Tell us about Cox College. The college was started in 1907 as Burge School of Nursing. At that point, it was a hospital diploma school of nursing. It closed down for a little bit before World War II and reopened after World War II. So pretty much, we’ve been around for 104 years. We have 39 full-time nursing faculty and 10 health science faculty. We contract with Drury University for our general education courses, so we have a number of part-time adjunct faculty.
The school doesn’t just train nurses anymore. How has it changed? We are much more than a nursing school. In the mid-1990s, the administration had the foresight to realize that nursing was changing, and nursing education … needed to move from a diploma, on-the-job training kind of model to an academic model. At that point, they made the move to an associate degree in nursing, which is a two-year degree to train (registered nurses). We changed the name in 2008 to Cox College, and we now have associate degrees and bachelor’s degrees in nursing for entry-level students. We have a master’s program in nursing, preparing nurse practitioners, (and) health science programs (which) include billing and coding … medical transcription, a dietetic internship program and an associate degree in radiography (that had been) a certificate in the health care system.
How has enrollment grown recently? In 2007, we had 375 students enrolled, and for spring 2011, we have 688. We are on track for 725 for fall. The health sciences are growing, and in the nurse practitioner program, we initially had hoped to admit 12 in our first class. We admitted 28. Another area that’s really seeing huge growth is our accelerated bachelor’s degree, for students who have degrees in other fields and are here for a second degree. Two years ago, we admitted eight students a year. We now admit 40. … We probably have three to four applications for every (nursing student spot) that we have available. … In our radiography program, we have 24 spots for fall 2011 and 80 applicants.
Why has Cox College entered collaborative agreements with other local schools? One of my firm beliefs is that you don’t go out and re-create the wheel. You try to partner, and you need to collaborate, especially because resources are limited. We looked at the population of students that we are not able to recruit at Cox College. We are not able to recruit the young student who wants a college life experience, because we don’t have dorms, athletics, intramurals or sororities, because that’s not our mission. So we’ve partnered with Evangel and Drury, and at both colleges, students can get two degrees in four years. Students can graduate with a bachelor’s in nursing and a bachelor’s in arts or science, based on what they choose as their second major. … They can live on the campuses. (Baptist Bible College) is a little different (because) graduates primarily go into missions work. They earn an associate degree in nursing (through) a weekend program.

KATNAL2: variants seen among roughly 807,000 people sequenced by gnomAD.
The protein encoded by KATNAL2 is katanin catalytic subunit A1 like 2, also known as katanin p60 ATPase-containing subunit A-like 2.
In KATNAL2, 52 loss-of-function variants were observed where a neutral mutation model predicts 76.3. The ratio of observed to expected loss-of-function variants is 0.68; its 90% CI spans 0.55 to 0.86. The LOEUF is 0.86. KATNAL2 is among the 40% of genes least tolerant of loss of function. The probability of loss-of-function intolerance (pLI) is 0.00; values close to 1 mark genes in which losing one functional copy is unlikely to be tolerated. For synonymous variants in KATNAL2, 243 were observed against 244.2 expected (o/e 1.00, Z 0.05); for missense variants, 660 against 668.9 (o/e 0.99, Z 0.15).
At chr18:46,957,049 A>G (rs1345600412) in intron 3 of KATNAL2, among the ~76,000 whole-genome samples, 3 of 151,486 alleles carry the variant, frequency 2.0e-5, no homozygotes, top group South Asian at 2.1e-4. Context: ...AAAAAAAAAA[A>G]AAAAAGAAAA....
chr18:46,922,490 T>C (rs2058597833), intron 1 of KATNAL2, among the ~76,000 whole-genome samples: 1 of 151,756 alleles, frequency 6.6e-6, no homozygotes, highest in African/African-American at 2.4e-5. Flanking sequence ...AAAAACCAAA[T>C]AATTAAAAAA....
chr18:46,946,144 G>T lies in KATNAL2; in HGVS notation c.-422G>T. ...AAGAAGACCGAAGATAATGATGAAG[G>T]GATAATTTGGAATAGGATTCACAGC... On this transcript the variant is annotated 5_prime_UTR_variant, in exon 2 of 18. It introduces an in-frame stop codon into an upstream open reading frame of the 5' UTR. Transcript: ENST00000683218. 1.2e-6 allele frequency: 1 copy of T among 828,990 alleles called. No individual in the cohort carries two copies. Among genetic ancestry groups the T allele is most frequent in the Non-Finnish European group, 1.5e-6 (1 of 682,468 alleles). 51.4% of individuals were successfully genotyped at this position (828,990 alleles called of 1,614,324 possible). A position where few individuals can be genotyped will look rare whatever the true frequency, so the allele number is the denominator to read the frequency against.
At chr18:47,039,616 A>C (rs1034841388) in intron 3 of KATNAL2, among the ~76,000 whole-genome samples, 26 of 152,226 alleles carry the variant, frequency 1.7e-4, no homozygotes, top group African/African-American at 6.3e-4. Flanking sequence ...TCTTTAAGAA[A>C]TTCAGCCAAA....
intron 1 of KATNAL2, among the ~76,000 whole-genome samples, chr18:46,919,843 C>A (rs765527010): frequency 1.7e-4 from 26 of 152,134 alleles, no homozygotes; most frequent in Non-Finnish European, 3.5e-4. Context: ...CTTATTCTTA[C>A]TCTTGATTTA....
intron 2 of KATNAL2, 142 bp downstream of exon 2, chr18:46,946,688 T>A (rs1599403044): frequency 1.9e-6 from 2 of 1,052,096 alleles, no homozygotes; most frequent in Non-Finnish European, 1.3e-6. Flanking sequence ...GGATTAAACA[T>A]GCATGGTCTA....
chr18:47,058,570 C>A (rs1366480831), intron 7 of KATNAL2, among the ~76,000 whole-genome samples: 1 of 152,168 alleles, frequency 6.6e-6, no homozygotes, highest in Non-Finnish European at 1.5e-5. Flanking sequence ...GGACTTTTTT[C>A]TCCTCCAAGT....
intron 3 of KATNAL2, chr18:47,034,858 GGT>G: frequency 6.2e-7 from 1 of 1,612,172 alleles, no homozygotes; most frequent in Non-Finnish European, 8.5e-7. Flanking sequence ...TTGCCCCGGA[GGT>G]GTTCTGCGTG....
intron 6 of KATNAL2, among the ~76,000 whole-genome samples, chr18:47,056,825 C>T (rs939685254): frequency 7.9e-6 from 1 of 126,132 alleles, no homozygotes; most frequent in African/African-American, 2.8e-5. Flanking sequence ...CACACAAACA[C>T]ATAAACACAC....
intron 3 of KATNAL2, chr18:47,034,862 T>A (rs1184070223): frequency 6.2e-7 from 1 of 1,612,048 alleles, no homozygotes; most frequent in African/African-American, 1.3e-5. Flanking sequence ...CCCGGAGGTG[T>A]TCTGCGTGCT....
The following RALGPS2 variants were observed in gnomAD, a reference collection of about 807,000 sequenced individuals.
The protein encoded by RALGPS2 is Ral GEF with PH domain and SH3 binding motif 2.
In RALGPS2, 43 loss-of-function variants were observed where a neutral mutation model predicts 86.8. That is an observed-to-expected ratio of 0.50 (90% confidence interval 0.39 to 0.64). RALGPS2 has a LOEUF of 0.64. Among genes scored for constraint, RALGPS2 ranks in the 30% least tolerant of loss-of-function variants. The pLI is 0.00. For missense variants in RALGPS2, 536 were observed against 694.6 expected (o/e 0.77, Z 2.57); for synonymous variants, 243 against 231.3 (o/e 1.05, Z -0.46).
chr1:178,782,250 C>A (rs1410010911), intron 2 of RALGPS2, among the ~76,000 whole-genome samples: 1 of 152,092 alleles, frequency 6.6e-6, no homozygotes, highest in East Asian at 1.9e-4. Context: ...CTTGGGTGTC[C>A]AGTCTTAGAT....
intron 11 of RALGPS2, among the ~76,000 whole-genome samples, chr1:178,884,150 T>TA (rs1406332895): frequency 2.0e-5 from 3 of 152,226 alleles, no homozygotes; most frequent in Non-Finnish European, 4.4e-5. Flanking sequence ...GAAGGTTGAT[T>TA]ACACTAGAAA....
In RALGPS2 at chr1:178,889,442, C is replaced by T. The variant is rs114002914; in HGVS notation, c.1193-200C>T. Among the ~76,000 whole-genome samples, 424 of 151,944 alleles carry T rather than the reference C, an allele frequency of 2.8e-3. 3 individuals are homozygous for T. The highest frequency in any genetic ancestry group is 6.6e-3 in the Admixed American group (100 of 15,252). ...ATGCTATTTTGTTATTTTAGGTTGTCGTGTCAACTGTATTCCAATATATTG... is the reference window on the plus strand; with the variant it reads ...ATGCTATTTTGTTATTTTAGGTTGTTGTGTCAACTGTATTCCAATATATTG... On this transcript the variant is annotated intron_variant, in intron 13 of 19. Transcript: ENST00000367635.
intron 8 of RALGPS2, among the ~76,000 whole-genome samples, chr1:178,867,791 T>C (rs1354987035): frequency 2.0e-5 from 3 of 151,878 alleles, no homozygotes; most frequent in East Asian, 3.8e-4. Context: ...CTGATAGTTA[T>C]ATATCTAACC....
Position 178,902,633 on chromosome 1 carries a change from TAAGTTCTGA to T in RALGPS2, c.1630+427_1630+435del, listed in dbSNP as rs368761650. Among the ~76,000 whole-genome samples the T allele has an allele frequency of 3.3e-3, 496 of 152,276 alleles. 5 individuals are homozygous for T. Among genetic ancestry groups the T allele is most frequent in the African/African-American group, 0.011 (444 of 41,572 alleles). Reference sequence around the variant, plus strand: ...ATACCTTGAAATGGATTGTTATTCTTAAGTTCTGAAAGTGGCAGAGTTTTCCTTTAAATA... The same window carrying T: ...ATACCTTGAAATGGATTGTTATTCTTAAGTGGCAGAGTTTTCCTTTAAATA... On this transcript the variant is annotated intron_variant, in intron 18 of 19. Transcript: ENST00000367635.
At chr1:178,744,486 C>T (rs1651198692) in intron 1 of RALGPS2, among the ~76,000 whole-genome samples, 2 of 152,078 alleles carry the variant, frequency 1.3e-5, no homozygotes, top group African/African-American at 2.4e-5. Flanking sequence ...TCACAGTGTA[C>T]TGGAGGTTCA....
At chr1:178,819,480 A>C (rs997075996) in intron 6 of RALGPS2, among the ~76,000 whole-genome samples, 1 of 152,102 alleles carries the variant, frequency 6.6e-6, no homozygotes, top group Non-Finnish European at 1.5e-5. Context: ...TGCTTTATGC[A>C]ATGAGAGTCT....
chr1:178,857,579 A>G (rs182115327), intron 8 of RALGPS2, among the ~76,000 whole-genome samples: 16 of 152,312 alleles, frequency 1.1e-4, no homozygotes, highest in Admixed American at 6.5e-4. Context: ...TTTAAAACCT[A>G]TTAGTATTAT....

What kinds of job opportunities exist for your graduates? The job market is tighter than it’s been for a number of years. Students are still getting jobs, but they may not be getting their first choice. … Part of what’s happening across health care … is because of the economy, people who were working part time are now working full time because a spouse may have been laid off. And people aren’t retiring. There’s a huge cadre of baby boomers waiting for the economy to pick up so they can retire. … Of our last December and May graduates, about 95 percent have jobs at graduation.
Is the school exploring additional program expansions? One of the programs we’re looking at is a master’s in occupational therapy. … Ozarks Technical Community College offers an occupational therapy assistant program, and we’re looking to take that two-year degree through to master’s level (for students) to become registered occupational therapists. Since we (added) the radiography programs, we have seven certificate programs – mammography, CT scans, MRIs – and (we want) to take the associate’s degree in radiography to a bachelor’s degree, and in that bachelor’s, they can specialize in one of what are now the certificate programs. We’re also looking at a bachelor’s degree in health leadership. [[In-content Ad]]